I have to admit, Behind the Lens episode five is the one I’ve been looking forward to the most. Why? Well, Matt Porwoll has tested a few heavy hitters for his AbelCine series so far. And you can be pretty certain that a cine zoom lens costing upwards of $10,000 is going to offer you pretty good performance. But affordable stills lenses that were conceived before DSLR video was even a thing? Potentially much more interesting, especially as the 24-105 is a lens I find myself using (slightly reluctantly) an awful lot.
Repeat after me: These are not cine lenses
Matt doesn’t pull any punches in his evaluation: these lenses are mostly plastic. They’re not parfocal and they don’t have gears or witness marks.
They also don’t have a lot of weight, though. They’re the lightest lenses Matt tested for the series, and they pack down so small that you can fit a whole camera kit, including lenses and batteries, into the same size bag as you’d use for one or two cine zooms.
Perhaps you don’t always have the luxury of working with a camera assistant – maybe you’re shooting somewhere sensitive or just very cramped. That’s when these lenses come into their own.
IS + AF as standard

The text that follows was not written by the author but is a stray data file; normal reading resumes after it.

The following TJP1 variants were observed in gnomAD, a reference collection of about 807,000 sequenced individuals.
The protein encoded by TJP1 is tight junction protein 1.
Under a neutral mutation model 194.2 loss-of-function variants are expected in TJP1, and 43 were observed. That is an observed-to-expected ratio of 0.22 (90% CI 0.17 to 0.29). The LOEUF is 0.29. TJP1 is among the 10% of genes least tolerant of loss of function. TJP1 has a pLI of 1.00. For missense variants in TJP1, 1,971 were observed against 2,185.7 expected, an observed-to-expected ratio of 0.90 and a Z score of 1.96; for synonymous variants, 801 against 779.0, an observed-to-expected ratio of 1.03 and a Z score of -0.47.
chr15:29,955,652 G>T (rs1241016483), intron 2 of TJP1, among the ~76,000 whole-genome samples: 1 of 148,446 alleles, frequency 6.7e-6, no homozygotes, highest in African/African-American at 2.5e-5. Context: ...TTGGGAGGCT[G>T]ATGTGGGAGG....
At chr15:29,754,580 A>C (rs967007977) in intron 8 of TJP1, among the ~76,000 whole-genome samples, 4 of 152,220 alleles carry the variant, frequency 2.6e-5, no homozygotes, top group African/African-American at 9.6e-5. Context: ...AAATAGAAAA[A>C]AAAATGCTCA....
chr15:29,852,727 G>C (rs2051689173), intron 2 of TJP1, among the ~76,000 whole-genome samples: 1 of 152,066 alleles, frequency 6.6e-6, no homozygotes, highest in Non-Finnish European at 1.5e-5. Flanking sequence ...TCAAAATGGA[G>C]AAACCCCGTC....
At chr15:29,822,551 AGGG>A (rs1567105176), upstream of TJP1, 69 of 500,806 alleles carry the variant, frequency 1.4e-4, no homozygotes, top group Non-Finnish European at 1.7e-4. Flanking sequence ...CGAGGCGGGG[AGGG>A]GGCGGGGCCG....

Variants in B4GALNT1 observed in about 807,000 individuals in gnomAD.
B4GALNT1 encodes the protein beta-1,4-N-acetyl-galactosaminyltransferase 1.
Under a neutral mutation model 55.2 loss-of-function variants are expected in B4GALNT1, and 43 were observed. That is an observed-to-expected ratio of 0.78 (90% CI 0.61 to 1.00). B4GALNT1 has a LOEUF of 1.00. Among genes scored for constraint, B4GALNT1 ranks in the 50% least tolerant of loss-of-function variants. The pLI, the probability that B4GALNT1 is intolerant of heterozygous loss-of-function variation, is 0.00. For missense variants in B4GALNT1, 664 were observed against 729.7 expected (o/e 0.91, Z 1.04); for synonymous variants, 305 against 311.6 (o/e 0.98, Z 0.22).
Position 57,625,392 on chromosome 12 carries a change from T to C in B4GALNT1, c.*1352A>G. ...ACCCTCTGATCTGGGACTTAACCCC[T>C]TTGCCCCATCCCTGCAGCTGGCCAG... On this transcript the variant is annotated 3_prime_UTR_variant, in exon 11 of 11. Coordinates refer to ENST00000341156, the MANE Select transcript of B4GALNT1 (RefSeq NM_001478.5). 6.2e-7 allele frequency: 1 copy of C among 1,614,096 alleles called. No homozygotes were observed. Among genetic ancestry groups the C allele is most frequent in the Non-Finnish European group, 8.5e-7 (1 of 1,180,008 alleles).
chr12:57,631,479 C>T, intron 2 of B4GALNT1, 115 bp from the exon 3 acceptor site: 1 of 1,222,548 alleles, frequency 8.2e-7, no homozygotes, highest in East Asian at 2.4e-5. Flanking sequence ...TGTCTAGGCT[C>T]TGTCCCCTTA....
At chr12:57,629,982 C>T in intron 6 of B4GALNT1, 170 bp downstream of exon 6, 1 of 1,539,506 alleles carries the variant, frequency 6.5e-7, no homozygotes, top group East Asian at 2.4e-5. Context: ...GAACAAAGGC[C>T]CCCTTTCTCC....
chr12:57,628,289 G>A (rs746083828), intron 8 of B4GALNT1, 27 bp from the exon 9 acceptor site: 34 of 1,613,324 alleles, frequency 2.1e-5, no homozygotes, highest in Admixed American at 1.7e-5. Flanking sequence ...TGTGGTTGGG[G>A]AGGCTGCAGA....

They both feature image stabilisation and autofocus, which combined with their small physical size can be useful for shooting in moving vehicles. They’re also both very sharp, a by-product of having been originally designed with high resolution stills in mind.
Despite a fairly large overlap in focal lengths, between the two lenses you’ve got a decent range that should see you right in a wide variety of shooting situations. Colours are relatively neutral (although Matt identifies a slight yellow push in the 24-105) and both render skintones naturally. They also both have a useful minimum focus distance.
Bumpy apertures, focus breathing
Being EF-mount stills lenses both the 17-55 and the 24-105 feature electronic-only aperture control, which aren’t stepless. So no smooth iris adjustments here. To get around this, Matt says he tends to set aperture to around f/4 and use a variable ND to control his exposure. A bonus here is the common filter size of 77mm across both lenses.
Both lenses also display lots of focus breathing. This is true across all focal lengths, although it’s less pronounced at the longer end of the 24-105.
Both lenses flare, although this is slightly better controlled in the 24-105, probably due to the different glass and coatings Canon use in their ‘L’-designated lenses.
Overall then, while using the 17-55 and 24-105 as a set comes with a lot of compromises when compared to a cine zoom, there’s also a lot to like. Not least the fact that they’re affordable to own as well as rent – but they’re also a great choice if you need a compact, low profile setup for your shoot.
More on Behind the Lens episode five
As ever there’s a lot more information on Matt’s blog post over on the AbelCine site. Do check it out, and if you’re hungry for more Behind the Lens, the other episodes in the series can be found here.
Have you used the 17-55 and 24-105 on a shoot? Could you? Would you? Let us know in the comments below…